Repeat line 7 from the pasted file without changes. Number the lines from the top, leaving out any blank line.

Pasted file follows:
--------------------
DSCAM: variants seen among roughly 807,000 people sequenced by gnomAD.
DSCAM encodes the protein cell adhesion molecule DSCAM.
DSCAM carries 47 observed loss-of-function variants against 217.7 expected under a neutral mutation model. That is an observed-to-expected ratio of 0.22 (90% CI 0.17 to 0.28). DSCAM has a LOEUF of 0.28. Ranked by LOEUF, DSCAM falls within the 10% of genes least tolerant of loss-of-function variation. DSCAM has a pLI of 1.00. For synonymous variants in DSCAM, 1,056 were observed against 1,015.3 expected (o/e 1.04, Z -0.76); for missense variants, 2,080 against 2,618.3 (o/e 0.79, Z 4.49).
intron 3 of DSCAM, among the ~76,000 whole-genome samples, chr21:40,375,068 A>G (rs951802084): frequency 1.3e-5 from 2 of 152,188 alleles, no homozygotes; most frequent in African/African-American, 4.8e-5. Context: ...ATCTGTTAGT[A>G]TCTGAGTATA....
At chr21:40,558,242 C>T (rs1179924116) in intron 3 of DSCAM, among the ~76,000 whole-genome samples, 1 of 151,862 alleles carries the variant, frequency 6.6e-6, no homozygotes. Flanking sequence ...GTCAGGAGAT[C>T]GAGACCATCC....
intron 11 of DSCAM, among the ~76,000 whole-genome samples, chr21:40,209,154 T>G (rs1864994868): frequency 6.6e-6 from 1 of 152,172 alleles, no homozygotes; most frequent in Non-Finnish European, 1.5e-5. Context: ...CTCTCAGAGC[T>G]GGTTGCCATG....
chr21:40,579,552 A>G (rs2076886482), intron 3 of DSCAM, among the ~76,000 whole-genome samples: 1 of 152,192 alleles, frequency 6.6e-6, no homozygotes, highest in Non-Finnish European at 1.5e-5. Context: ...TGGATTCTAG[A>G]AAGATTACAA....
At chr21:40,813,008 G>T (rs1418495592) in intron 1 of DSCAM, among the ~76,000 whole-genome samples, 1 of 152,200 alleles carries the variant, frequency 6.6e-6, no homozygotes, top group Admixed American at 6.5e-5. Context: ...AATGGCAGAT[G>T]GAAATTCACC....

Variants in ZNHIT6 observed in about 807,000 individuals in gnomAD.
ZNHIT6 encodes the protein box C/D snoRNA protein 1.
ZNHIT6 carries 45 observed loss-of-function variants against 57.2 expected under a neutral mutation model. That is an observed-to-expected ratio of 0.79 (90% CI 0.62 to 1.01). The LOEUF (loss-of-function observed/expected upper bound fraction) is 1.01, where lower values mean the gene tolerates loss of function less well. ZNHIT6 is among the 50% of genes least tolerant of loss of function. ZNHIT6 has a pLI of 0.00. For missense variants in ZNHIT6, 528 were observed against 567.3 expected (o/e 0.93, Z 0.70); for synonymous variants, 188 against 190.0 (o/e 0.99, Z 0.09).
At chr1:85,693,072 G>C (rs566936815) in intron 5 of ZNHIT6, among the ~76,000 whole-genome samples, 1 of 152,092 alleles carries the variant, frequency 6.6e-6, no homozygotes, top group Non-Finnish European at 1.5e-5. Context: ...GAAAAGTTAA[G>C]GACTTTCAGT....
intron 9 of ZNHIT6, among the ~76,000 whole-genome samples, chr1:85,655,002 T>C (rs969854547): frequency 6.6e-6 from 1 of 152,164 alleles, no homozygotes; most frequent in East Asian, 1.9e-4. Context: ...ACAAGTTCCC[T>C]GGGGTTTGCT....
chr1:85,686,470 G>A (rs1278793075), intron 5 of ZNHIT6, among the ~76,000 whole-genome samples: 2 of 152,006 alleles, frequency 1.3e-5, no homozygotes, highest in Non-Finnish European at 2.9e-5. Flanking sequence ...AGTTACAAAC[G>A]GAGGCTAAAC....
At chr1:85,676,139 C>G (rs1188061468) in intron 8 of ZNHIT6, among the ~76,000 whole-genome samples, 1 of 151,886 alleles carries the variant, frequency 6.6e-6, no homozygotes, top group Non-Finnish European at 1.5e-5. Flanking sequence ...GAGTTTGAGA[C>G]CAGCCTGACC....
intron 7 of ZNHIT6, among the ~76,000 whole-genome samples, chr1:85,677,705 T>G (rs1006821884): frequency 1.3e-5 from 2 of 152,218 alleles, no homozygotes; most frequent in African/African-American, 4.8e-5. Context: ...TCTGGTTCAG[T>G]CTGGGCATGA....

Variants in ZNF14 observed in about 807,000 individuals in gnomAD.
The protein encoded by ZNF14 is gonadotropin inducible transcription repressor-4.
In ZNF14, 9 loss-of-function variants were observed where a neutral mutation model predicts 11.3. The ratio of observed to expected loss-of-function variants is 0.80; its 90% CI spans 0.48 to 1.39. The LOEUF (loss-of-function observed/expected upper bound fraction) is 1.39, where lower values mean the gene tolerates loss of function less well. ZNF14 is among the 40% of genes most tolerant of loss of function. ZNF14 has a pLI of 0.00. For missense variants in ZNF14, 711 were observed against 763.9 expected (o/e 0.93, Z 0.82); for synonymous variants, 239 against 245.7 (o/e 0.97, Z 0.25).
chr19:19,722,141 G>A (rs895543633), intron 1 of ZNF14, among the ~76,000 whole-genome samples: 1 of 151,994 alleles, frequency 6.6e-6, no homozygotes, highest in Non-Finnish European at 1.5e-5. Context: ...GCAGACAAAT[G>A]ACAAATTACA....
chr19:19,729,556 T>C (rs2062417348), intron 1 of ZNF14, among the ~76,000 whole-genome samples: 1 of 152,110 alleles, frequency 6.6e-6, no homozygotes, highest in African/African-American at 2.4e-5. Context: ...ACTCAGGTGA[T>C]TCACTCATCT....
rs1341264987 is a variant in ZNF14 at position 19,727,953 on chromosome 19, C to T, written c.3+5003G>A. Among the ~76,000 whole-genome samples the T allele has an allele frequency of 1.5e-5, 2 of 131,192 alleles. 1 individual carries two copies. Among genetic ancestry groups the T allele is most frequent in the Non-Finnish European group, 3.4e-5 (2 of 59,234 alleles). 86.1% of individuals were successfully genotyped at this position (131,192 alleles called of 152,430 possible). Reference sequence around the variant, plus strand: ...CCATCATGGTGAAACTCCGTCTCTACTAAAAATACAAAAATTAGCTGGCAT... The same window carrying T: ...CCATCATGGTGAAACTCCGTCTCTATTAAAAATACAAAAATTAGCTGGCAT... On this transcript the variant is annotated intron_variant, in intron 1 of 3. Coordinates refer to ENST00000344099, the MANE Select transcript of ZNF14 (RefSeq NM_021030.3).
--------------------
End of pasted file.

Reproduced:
chr21:40,579,552 A>G (rs2076886482), intron 3 of DSCAM, among the ~76,000 whole-genome samples: 1 of 152,192 alleles, frequency 6.6e-6, no homozygotes, highest in Non-Finnish European at 1.5e-5. Context: ...TGGATTCTAG[A>G]AAGATTACAA....